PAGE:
100 rainbow ‘halos’ on Los Angeles street corners will honor people killed in car crashes
On a fall afternoon in 2010, 16-year-old Conor Lynch was struck and killed by a driver as he ran across a street in Sherman Oaks to catch up with his high school cross-country team.
Nearly a decade later, the intersection where he died has a new feature: a vivid, multicolored disc, about the size of a dinner plate, that casts a rainbow shadow across the pavement and a green bus bench that bears his photo.
The memorial, called “Rainbow Halo,” is the first of 100 to be installed at intersections across Los Angeles where drivers, pedestrians and cyclists were killed in traffic collisions. Each memorial will include a rainbow disc and a plaque, designed to raise awareness about traffic safety.
“You’ll never see the light come through in the same way twice,” Conor’s mother, Jeri Dye Lynch, said of his memorial. “You can have this beautiful rainbow, and the next moment, it fades. It shows the fragility of every moment.”
The public art project is part of Vision Zero, Mayor Eric Garcetti’s initiative to eliminate traffic deaths on Los Angeles streets by 2025. The program, which began in Sweden in the 1990s, teaches that every traffic death is preventable through better education, enforcement, behavior or street design.
In Los Angeles, Vision Zero has not met its early benchmarks. Fatal car crashes rose 32% between 2015, the year Garcetti launched the program, and the end of last year. The number of collision deaths fell slightly over the last two years, which officials attribute to new street safety projects.
This year, the number of fatalities stands at 149 as of Aug. 24, a 1% reduction from the same time a year ago, the Los Angeles Police Department said.
The Rainbow Halo project began in L.A.'s artist-in-residence program, which aims to change the perception of the city’s streets by placing artists in the Transportation Department.
A previous artist’s work included outfitting a Mar Vista bus stop with a device that dispensed custom perfumes, including “economic development” (lavender, with a hint of coffee) and “Hollywood springtime” (flowery but forgettable).
The halos are creating “a site of collective memory, bringing attention to it in a way that gets people to stop and to think,” said Danielle Brazell, the general manager of the Department of Cultural Affairs, which oversees the artist-in-residence program. “That’s the first step in changing behavior.”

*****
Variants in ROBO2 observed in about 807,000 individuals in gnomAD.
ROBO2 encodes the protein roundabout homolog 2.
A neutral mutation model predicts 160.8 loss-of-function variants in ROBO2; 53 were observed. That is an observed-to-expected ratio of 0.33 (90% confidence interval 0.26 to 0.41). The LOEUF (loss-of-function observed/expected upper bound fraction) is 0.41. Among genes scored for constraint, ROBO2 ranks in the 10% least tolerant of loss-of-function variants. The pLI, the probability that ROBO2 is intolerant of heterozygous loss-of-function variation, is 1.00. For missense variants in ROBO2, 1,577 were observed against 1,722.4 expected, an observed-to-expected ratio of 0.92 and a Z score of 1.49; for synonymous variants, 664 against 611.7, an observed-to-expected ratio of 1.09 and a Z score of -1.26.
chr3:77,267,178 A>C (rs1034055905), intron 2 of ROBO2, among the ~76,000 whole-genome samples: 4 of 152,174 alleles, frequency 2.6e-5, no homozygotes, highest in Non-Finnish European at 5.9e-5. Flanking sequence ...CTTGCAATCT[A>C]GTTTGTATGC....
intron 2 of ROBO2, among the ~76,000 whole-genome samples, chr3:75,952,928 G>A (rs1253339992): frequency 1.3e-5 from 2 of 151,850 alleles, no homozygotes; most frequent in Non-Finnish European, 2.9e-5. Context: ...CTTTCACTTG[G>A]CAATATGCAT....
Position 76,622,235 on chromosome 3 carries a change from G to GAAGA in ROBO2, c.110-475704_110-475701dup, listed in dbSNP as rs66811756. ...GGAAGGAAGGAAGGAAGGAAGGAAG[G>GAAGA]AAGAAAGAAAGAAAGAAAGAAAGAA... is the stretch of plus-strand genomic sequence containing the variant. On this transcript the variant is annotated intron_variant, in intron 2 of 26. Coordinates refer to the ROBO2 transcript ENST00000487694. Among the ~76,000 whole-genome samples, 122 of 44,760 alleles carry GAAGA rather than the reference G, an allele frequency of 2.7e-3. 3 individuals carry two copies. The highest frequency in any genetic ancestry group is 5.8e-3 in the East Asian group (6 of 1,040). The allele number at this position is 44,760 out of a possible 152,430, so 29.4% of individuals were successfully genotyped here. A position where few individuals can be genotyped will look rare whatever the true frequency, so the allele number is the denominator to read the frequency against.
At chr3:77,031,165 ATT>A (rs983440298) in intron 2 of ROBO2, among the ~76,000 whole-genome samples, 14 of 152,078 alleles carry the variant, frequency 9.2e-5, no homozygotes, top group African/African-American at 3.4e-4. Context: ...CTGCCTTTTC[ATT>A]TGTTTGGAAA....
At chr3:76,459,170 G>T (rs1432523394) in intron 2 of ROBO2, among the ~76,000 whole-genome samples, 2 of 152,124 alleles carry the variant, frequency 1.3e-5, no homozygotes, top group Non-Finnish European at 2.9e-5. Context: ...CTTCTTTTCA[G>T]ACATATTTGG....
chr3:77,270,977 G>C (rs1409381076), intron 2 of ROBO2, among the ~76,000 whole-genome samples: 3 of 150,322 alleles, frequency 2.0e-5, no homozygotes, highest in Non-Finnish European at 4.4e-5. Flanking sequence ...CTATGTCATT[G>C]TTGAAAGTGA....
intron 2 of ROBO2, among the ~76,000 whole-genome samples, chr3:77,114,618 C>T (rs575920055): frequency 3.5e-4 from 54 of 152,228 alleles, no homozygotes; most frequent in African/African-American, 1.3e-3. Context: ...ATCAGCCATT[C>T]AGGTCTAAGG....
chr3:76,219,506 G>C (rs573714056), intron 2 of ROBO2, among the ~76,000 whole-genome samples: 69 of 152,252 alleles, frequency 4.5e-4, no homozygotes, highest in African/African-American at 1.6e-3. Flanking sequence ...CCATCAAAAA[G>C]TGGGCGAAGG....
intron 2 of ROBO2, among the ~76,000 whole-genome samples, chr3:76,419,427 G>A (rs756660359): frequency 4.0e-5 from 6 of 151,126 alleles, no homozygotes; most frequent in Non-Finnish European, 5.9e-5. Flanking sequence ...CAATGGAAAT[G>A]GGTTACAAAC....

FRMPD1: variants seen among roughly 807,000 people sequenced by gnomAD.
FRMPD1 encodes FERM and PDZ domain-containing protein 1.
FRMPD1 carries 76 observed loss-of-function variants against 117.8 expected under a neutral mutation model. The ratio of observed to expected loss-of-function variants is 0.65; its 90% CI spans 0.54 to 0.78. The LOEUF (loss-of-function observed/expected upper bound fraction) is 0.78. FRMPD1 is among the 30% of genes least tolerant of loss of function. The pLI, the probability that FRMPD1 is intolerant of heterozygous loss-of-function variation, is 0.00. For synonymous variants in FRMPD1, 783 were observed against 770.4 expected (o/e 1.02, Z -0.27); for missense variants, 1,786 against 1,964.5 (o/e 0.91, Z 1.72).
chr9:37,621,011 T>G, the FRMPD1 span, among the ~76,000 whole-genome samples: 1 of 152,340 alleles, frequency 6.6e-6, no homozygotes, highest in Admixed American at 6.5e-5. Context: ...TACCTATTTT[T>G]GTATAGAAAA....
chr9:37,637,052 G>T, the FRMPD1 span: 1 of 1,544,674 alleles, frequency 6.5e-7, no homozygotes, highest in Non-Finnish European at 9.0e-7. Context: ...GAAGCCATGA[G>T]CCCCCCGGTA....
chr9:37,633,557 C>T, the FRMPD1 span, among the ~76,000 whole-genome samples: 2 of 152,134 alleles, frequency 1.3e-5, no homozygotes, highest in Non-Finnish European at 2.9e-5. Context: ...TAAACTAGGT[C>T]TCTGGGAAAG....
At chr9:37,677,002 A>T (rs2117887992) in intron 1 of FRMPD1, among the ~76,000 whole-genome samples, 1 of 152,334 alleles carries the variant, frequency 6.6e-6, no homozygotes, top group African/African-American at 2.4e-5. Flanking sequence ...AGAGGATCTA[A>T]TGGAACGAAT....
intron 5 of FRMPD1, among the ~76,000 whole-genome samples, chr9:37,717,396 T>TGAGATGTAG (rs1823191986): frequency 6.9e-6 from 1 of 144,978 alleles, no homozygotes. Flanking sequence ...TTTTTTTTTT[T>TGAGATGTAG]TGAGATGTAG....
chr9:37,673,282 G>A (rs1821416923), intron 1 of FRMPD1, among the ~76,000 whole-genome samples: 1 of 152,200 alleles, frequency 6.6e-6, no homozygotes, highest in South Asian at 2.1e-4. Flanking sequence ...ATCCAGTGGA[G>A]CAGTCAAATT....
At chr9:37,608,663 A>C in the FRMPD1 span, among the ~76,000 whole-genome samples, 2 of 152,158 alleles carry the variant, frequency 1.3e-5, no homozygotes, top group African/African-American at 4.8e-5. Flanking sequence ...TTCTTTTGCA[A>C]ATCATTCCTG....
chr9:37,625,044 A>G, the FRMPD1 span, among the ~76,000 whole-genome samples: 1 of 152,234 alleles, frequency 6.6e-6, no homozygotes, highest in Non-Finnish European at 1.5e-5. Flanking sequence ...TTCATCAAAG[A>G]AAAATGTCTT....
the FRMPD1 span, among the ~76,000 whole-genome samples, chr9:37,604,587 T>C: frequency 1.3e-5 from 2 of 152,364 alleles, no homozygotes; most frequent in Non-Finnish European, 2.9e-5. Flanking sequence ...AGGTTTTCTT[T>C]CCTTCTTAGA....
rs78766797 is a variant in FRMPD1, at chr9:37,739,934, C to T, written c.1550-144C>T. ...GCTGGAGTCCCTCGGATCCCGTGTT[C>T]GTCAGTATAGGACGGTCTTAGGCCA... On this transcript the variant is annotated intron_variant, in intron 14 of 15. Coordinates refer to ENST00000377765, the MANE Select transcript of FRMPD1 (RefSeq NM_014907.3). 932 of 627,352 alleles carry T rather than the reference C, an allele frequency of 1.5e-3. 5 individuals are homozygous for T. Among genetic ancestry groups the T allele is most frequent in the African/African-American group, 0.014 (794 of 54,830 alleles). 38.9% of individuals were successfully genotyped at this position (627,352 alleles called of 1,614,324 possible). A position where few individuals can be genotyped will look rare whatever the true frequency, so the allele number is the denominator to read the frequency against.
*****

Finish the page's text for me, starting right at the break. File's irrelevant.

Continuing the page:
The halo concept was proposed by artist John Morse, who is perhaps best known for his work with New York City transportation officials on a traffic safety campaign.
In 2011, he installed brightly colored posters on street signs across the city, each with an accompanying haiku. One read, “Oncoming cars rush / Each a 3-ton bullet / And you, flesh and bone.”
Eventually, there will be 100 halos. After Lynch’s memorial was installed, city crews added halos at crash sites in Sunland, Vermont Square and Del Rey. Others are planned in Frogtown, Shadow Hills, Wilmington, Silver Lake and Carthay. At some intersections that have seen multiple deaths, the halos could honor several people, officials said.
Morse said he spent four years perfecting the halo design. Each is a glass dish with pie-shaped wedges of rainbow gels, like those used in theater spotlights, attached to the outside. The interior is half-filled with mineral oil, leaving enough air for ambient light to filter through and onto the ground.
The halos are being being manufactured for $200 each by a city contractor, Transportation Department spokeswoman Connie Llanos said. To keep installation costs down, the halos are being added to street corners when other work is scheduled in the area, she said.
The roadside memorial concept recalls the white “ghost bikes” that friends and advocates have long placed at the scene of crashes that killed bicyclists. But the halos will also honor car passengers, drivers and pedestrians.
“When someone is killed, it’s a momentary flash in the news,” said Samuel Chu, who works with Southern California Families for Safe Streets, a project of Los Angeles Walks. “People never know that there are years and years of difficult injuries and recoveries, of legal ramifications, years and years of grief, that never get told.”
Too often, he said, opponents are the only non-city employees that Los Angeles residents meet in connection with Vision Zero projects. That, he said, has for a long time been a void in the city’s messaging strategy.
The art effort has sparked criticism from some advocates who say the city should spend the money and effort on more changes to streets that encourage drivers to slow down and put away their phones.
“Any time you can get anybody to pause, and ponder, you have advanced your goal,” Morse said.
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